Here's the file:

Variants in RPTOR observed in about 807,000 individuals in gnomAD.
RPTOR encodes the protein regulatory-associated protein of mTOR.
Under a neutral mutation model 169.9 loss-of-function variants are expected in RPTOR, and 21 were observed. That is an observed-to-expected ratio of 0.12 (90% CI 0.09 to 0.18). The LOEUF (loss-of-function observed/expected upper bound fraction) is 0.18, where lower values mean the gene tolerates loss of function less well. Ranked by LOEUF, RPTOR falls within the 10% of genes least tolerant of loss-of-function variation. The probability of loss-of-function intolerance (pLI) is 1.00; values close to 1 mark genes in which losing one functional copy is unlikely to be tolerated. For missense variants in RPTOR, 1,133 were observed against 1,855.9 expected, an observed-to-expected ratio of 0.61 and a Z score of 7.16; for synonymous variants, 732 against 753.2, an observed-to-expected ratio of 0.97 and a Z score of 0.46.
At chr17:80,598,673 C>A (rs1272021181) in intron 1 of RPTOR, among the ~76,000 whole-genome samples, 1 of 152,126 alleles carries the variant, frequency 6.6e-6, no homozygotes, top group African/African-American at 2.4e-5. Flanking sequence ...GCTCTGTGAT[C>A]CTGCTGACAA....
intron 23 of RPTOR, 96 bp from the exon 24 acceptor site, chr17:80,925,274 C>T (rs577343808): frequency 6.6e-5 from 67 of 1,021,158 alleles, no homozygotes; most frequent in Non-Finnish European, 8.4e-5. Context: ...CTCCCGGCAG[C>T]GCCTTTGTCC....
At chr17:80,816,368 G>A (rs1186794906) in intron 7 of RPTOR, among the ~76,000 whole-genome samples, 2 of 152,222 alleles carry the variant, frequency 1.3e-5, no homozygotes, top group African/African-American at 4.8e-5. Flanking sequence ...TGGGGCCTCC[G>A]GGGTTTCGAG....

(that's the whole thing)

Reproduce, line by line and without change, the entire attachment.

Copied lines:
Variants in RPTOR observed in about 807,000 individuals in gnomAD.
RPTOR encodes the protein regulatory-associated protein of mTOR.
Under a neutral mutation model 169.9 loss-of-function variants are expected in RPTOR, and 21 were observed. That is an observed-to-expected ratio of 0.12 (90% CI 0.09 to 0.18). The LOEUF (loss-of-function observed/expected upper bound fraction) is 0.18, where lower values mean the gene tolerates loss of function less well. Ranked by LOEUF, RPTOR falls within the 10% of genes least tolerant of loss-of-function variation. The probability of loss-of-function intolerance (pLI) is 1.00; values close to 1 mark genes in which losing one functional copy is unlikely to be tolerated. For missense variants in RPTOR, 1,133 were observed against 1,855.9 expected, an observed-to-expected ratio of 0.61 and a Z score of 7.16; for synonymous variants, 732 against 753.2, an observed-to-expected ratio of 0.97 and a Z score of 0.46.
At chr17:80,598,673 C>A (rs1272021181) in intron 1 of RPTOR, among the ~76,000 whole-genome samples, 1 of 152,126 alleles carries the variant, frequency 6.6e-6, no homozygotes, top group African/African-American at 2.4e-5. Flanking sequence ...GCTCTGTGAT[C>A]CTGCTGACAA....
intron 23 of RPTOR, 96 bp from the exon 24 acceptor site, chr17:80,925,274 C>T (rs577343808): frequency 6.6e-5 from 67 of 1,021,158 alleles, no homozygotes; most frequent in Non-Finnish European, 8.4e-5. Context: ...CTCCCGGCAG[C>T]GCCTTTGTCC....
At chr17:80,816,368 G>A (rs1186794906) in intron 7 of RPTOR, among the ~76,000 whole-genome samples, 2 of 152,222 alleles carry the variant, frequency 1.3e-5, no homozygotes, top group African/African-American at 4.8e-5. Flanking sequence ...TGGGGCCTCC[G>A]GGGTTTCGAG....